My oldest, Alexx, graduated from high school in May and my youngest, Seth, started first grade last week. There's also pickle in the middle Joel, who is in 6th grade.
Having no kids at home during the day for the first time since I became a stay-at-home parent 10 years ago is . . . amazing. Tears? No. Cheers? You bet! Can I get a wahooooo?!
I haven't had this kind of free time since I was a teenager. Literally. And I'm getting some typical comments from some friends and acquaintances when the topic comes up. "You're so lucky!" "It must be nice," or "You have no idea what you have."
Um, I know exactly what I have and appreciate it accordingly. Yes, it is nice. And I wouldn't say it has anything to do with luck. I'd say I've totally earned it.
I've got one foot on the flip-side, baby! I've done the diapers, potty-training, can't-leave-the-house-at-naptime, fits in the grocery, too-tired-for-sex, can-hardly-go-anywhere-alone, can-hardly-go-anywhere-with-my-husband years. Since 1991.
When someone looks at my days longingly, I often would like to say I've put in time. And hard time it's been (and continues to be). Even with normal parenting, getting a child to 18 is a gut-wrenching, sleep-losing, mind-boggling, frustrating, sometimes head-splitting experience. When you've got kids with neurological deficits that's just icing on the insanity-inducing cake.
I've spent the better part of my parenting years dealing with ADD, ADHD, autism, and a mood disorder along with your run-of-the-mill strong-willed boy thing. It's been . . . bumpy. And it's not anywhere near over.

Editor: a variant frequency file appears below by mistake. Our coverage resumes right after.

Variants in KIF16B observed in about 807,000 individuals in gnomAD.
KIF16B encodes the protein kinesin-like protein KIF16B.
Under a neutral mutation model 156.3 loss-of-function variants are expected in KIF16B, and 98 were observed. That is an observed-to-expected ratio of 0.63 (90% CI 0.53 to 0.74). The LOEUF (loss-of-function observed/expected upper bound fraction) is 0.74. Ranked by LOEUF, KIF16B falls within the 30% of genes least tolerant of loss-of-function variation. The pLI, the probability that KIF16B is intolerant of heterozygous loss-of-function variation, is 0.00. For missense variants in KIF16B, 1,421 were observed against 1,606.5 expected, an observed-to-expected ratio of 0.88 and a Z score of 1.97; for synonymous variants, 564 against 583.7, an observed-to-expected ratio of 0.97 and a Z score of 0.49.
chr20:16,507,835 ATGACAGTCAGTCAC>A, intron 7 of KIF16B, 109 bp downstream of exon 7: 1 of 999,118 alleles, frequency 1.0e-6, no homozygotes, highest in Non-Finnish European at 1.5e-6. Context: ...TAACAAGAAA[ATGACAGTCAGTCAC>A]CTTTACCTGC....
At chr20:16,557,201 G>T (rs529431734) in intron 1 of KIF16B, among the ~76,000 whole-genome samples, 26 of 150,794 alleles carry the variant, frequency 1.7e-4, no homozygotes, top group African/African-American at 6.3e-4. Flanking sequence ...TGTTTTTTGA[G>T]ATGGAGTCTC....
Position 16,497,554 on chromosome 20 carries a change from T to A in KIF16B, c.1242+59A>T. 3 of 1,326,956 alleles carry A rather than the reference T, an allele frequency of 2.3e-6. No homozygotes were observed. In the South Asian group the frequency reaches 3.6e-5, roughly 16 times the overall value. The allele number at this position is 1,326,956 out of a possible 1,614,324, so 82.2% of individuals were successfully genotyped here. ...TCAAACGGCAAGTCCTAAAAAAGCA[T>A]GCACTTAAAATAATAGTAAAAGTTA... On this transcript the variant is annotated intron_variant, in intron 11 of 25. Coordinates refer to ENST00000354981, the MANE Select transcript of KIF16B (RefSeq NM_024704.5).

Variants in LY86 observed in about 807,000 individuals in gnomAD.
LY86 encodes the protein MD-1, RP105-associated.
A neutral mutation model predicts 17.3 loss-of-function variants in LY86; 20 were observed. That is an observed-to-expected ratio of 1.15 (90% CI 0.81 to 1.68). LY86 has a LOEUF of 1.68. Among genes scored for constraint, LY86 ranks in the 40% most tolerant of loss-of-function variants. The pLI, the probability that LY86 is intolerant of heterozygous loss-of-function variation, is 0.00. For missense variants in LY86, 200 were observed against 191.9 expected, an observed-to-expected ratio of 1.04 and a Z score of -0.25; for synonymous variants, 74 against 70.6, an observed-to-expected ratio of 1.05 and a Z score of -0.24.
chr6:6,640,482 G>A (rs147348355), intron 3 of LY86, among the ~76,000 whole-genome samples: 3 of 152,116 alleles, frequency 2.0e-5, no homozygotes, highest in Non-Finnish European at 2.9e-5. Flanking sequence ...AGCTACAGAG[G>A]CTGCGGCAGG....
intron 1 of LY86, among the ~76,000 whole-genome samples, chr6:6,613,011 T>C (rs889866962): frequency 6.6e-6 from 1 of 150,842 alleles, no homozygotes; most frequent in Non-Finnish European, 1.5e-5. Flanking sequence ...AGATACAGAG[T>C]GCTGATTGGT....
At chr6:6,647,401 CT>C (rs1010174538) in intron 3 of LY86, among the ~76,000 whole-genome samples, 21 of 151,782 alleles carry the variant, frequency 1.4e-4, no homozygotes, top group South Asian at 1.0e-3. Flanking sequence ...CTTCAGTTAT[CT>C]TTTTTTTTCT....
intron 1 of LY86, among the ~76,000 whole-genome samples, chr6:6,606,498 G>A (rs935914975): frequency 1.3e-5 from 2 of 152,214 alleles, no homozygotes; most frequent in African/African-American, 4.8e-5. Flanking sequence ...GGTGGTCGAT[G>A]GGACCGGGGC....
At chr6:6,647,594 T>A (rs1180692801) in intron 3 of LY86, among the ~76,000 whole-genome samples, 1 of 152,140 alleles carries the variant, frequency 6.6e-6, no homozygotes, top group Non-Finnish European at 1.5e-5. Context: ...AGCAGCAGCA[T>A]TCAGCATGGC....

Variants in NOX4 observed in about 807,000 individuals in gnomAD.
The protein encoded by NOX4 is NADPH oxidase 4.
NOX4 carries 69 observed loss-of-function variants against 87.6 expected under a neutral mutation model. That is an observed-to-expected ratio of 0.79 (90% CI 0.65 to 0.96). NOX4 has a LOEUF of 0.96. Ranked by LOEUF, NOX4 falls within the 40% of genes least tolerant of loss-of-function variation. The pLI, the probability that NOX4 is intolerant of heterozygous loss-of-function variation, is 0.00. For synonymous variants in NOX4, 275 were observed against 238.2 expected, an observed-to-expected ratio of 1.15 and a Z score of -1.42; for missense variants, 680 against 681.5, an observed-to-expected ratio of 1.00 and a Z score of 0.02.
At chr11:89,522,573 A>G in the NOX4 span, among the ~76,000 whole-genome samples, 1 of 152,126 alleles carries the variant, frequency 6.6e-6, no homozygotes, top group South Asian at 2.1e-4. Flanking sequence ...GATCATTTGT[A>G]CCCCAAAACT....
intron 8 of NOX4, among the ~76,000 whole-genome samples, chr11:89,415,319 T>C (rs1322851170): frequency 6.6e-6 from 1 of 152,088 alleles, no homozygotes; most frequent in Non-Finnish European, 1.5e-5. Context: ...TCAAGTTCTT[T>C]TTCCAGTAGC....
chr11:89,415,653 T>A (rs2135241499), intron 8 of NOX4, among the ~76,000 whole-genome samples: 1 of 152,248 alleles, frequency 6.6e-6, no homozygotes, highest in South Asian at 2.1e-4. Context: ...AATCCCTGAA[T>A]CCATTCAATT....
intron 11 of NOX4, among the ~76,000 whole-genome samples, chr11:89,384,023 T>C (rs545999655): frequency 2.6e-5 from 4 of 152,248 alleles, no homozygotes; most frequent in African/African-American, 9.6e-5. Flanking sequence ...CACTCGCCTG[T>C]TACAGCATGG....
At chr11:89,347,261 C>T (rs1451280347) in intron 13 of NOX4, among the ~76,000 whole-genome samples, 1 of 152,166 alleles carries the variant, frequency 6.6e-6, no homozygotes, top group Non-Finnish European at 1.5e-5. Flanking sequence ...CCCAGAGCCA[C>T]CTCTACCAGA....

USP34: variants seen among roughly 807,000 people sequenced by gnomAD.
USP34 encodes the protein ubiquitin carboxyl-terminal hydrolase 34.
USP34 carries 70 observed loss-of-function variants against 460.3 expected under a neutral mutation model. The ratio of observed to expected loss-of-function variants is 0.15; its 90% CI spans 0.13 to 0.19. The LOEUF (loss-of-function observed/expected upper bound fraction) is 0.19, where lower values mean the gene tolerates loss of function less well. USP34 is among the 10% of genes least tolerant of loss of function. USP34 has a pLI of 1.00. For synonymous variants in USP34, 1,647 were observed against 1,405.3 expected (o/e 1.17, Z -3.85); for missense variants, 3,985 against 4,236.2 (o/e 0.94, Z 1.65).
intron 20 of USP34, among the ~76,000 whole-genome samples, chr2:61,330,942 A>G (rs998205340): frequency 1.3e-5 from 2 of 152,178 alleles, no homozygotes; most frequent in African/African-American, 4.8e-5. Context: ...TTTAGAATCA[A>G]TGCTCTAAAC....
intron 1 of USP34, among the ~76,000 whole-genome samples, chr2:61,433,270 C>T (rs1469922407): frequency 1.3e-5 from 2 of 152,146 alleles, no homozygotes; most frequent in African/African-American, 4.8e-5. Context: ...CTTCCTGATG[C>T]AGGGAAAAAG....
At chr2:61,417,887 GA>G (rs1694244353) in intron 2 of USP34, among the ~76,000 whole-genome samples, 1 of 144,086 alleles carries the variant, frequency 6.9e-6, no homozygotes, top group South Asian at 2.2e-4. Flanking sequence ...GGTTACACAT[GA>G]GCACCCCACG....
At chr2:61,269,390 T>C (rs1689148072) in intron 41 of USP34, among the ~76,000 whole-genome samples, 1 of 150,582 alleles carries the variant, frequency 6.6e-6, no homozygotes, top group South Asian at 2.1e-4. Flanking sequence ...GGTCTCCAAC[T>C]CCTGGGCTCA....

I've played tutor, homeschooler, occupational therapist, speech therapist, behavioral therapist, developmental therapist. I've had countless meetings with countless teachers and counselors. I've had therapists in my home many days per week, and I've spent many hours driving kids to therapists. There have been meds - meds that didn't work, meds that did bad things, meds that did work; research for supplements, tracking their progress (or lack thereof); research for help, techniques, doctors, schools. And I'm not done yet. Not by a longshot.
I have been working. Just not getting paid for it - at least not with money.
Of course, it has also been (and will continue to be) an amazing, humbling, beautiful, heart-throbbing, inexplicably sensational experience as well. It has given me endless fodder to write about. It has made me who I am today. It has brought me closer to God and deepened my relationship with him. It has made me even more off-balance than I already was. It has shown me that I am stronger than I thought was possible. It has shown me who really cares about me and my family and who I can count on.
So now I take a breath. To ponder. To rejuvenate. To thank God that after 18 years, I get a break each day for me - to figure out exactly who that is after all this time and where it is that I'm supposed to be going from here.
photo by McKenna